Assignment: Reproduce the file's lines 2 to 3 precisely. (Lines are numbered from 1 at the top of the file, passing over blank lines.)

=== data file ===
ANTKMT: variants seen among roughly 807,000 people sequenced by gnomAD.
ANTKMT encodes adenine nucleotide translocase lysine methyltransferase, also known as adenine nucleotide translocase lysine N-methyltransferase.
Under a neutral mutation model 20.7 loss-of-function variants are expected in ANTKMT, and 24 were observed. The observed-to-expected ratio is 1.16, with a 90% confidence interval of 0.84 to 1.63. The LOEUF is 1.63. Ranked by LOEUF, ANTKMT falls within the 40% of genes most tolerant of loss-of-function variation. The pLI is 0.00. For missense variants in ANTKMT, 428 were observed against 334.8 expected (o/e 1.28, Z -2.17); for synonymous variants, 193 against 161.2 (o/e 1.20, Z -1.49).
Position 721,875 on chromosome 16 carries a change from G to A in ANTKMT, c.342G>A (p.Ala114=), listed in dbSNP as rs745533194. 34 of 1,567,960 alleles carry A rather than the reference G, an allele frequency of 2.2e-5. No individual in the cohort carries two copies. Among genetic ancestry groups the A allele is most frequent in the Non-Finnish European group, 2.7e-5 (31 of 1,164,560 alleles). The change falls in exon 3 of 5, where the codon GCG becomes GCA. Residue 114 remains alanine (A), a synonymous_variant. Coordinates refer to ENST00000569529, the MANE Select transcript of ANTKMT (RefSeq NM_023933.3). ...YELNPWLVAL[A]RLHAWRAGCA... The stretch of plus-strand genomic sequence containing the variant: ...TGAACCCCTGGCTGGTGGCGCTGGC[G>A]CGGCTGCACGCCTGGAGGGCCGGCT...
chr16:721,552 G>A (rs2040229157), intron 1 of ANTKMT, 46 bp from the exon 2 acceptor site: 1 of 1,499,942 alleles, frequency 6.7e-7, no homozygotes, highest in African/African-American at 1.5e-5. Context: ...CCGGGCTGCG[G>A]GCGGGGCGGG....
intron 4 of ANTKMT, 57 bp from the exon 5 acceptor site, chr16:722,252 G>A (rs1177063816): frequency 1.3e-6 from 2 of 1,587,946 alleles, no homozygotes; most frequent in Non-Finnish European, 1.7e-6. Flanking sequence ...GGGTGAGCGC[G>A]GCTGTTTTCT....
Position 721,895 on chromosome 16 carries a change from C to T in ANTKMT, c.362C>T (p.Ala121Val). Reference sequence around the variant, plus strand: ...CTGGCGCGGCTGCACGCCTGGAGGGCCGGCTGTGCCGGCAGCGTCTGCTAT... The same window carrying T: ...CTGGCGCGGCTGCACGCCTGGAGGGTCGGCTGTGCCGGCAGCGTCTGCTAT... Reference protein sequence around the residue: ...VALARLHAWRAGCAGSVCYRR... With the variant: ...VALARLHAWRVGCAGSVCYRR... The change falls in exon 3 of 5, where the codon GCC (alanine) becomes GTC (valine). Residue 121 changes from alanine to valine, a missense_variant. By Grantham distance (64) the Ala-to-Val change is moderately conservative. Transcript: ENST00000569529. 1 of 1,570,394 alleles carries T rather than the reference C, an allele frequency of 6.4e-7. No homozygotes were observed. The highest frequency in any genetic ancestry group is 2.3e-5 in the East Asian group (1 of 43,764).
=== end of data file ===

ANTKMT encodes adenine nucleotide translocase lysine methyltransferase, also known as adenine nucleotide translocase lysine N-methyltransferase.
Under a neutral mutation model 20.7 loss-of-function variants are expected in ANTKMT, and 24 were observed. The observed-to-expected ratio is 1.16, with a 90% confidence interval of 0.84 to 1.63. The LOEUF is 1.63. Ranked by LOEUF, ANTKMT falls within the 40% of genes most tolerant of loss-of-function variation. The pLI is 0.00. For missense variants in ANTKMT, 428 were observed against 334.8 expected (o/e 1.28, Z -2.17); for synonymous variants, 193 against 161.2 (o/e 1.20, Z -1.49).